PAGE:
This is a randomized, double-blinded dietary intervention in hemodialysis patients to
determine the clinical and metabolic effects of soy isoflavones on disease activity,
including improvement of blood markers of acute-phase response, and decreased blood levels
of markers of metabolic bone disease.
Up to 40 percent of end stage renal disease (ESRD) patients suffer from a chronic
inflammatory process which is not currently amenable to specific treatment and is associated
with high morbidity and mortality. High circulating levels and production of
pro-inflammatory cytokines are an essential part of this ongoing acute-phase response and
they are believed to exacerbate many of the clinical manifestations of ESRD, including renal
osteodystrophy. Like in all other inflammatory processes that have undergone more extensive
investigation, the nuclear factor, Nuclear Factor Kappa-B (NFKB) promises to be a critical
cellular intermediate of this acute-phase response and to be both mediator and target of
inflammatory cytokine effects. In the current search for agents that may be able to negate
the ongoing acute-phase response of ESRD, the soy isoflavones genistein and daidzein have
emerged as potentially useful. These isoflavones are present in many soyfoods, are available
as over-the-counter nutritional supplements and have received growing attention due to their
biological properties and potential as therapeutic agents. Inhibitory effects of the
isoflavones on tyrosine kinase and NFKB activity, on inflammatory cytokine production and on
oxidative stress have been demonstrated by this group and by many other investigators and
they may be highly relevant to the renal failure population. Additionally, we have found
recently that intake of soy food by ESRD patients results in very high blood levels of
isoflavones and it is well tolerated.
It is our working hypothesis that in chronic renal failure a variety of endogenous and
exogenous factors trigger acute-phase response with activation of NFKB and production of
pro-inflammatory cytokines, and that intervention with soy isoflavones inhibits NFKB
activation and cytokines production, thus blocking the ongoing acute-phase response and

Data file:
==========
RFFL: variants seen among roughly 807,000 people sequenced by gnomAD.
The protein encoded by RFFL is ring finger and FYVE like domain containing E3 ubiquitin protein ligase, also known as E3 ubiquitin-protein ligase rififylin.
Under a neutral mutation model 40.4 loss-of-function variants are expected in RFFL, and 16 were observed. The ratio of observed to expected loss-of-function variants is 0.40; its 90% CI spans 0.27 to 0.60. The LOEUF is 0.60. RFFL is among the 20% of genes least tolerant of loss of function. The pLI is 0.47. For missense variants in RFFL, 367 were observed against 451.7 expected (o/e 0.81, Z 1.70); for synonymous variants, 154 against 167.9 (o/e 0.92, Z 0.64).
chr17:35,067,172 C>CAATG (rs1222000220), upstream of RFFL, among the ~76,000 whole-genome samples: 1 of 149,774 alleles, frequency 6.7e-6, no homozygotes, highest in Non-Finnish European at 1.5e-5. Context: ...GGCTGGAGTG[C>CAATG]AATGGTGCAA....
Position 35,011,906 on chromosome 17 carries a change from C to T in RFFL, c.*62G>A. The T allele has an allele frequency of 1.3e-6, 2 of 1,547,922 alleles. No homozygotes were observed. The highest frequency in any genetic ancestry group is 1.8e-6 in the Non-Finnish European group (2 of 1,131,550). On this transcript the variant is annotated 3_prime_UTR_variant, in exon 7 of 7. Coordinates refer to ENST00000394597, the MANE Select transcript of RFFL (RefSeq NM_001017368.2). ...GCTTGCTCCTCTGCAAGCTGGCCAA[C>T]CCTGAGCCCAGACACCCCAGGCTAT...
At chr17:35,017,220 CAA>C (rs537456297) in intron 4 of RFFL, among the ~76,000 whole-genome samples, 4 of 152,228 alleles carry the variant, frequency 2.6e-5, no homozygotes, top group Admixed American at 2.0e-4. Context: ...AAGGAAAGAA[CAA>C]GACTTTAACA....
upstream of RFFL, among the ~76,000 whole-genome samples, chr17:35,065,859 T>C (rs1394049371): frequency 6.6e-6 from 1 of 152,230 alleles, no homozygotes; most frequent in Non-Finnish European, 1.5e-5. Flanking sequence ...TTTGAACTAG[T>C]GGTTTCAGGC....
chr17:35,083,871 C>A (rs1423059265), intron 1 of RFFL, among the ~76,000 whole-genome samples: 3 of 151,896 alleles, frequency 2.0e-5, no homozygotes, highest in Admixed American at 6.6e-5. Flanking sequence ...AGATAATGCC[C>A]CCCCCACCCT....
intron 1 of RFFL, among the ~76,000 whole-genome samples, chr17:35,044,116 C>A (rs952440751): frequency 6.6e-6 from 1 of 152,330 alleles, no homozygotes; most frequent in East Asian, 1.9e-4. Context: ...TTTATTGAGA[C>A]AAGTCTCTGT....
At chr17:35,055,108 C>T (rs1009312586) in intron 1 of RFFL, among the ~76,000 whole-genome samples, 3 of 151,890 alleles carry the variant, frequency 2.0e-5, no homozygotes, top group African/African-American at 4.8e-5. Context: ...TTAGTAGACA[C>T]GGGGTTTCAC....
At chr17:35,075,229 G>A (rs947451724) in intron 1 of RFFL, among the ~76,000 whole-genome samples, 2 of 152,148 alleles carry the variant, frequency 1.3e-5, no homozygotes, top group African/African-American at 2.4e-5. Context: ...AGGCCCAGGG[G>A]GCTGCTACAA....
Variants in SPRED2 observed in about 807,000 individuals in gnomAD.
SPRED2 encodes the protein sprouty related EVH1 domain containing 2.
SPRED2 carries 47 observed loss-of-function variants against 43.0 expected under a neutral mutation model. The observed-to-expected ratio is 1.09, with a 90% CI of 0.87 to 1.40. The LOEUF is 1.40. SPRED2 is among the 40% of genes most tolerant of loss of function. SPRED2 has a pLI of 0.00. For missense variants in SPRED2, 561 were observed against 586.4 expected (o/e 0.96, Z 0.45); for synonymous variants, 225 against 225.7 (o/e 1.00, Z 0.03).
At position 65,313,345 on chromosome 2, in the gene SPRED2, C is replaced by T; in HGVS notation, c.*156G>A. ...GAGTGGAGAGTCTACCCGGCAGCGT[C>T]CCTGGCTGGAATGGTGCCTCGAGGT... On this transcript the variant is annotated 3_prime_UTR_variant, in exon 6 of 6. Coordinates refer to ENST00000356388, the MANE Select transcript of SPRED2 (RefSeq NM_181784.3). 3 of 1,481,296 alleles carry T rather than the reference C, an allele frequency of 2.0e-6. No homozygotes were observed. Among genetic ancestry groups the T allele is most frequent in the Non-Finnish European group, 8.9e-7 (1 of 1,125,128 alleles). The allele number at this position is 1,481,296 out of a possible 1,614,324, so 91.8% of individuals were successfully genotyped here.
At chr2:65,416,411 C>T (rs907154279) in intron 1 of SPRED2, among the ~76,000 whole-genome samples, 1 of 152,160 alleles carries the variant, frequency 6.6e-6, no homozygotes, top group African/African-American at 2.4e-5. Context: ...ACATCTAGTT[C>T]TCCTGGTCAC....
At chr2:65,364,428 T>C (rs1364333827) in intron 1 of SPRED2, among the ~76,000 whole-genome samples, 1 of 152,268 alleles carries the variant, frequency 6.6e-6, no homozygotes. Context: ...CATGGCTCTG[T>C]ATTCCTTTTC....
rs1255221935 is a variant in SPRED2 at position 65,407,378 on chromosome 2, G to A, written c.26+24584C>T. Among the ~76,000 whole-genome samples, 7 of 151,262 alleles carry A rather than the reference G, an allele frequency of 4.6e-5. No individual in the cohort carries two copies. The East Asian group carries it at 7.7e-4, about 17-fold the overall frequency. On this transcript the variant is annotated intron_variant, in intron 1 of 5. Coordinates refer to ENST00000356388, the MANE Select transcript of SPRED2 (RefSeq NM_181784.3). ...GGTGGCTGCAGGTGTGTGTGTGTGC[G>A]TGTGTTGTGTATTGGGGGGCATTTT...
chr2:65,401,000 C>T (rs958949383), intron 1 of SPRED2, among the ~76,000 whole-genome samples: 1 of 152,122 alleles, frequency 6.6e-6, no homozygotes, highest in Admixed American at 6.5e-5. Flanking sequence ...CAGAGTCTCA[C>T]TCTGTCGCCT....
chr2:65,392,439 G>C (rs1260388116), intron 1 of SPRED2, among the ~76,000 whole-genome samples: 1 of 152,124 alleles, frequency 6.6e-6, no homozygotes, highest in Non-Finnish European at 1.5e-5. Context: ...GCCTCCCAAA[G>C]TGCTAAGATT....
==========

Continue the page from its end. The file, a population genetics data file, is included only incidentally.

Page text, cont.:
affecting positively clinically relevant parameters of disease activity in ESRD.
The specific objective of this proposal is to conduct a randomized, double-blinded dietary
intervention trial in hemodialysis patients to determine whether:
1. Dietary intake of the soy isoflavones by ESRD patients with clinical signs of ongoing
acute-phase response decreases the production of the proinflammatory cytokines
TNF-alpha, IL-1 and IL-6 in peripheral blood, thus changing the balance between these
cytokines and their antagonists sTNF RI, sTNF RII, and IL-1ra.
2. Suppression of inflammatory cytokine production by soy isoflavones is associated with
improvement of clinically relevant parameters of disease activity, including
improvement of blood markers of acute-phase response, and decreased blood levels of
markers of metabolic bone disease.
3. Intake of soy isoflavones suppresses NF-KB activity in peripheral blood monocytic cells
of ESRD patients, in a manner consistent with change of cytokine levels and of clinical
parameters of disease.
- Initiation of chronic hemodialysis therapy more than 6 months prior to enrollment in
- Routine dialysis with highly biocompatible dialysis membranes, including polysulfone,
polycarbonate, polyamide, or polymethylmethacrylate membranes.
- Historical compliance with three times weekly routine hemodialysis therapy.
- Ability and willingness to adhere to the intake of soy protein isolate drinks during
- Use of calcitriol within the last six weeks
- Acute illness known to cause acute-phase response, including clinically detectable
infections, trauma, surgery, burns, and tissue infarction, within the last 6 weeks.
- Chronic conditions known to cause acute-phase response, including
immunologically-mediated and crystal-induced illnesses, cancer, and psychiatric
- Hematocrit below 30%
- Aluminum intoxication
- Gastrointestinal disturbances that can interfere with isoflavone absorption,
including acute gastrointestinal illness and/or intestinal microflora depletion
following use of antibiotics within the last three months, chronic malabsorption
syndrome, chronic liver disease.
- Other significant medical illnesses including decompensated heart failure, unstable
coronary artery disease, advanced chronic obstructive pulmonary disease,
decompensated thyroid disease, alcoholism, substance abuse.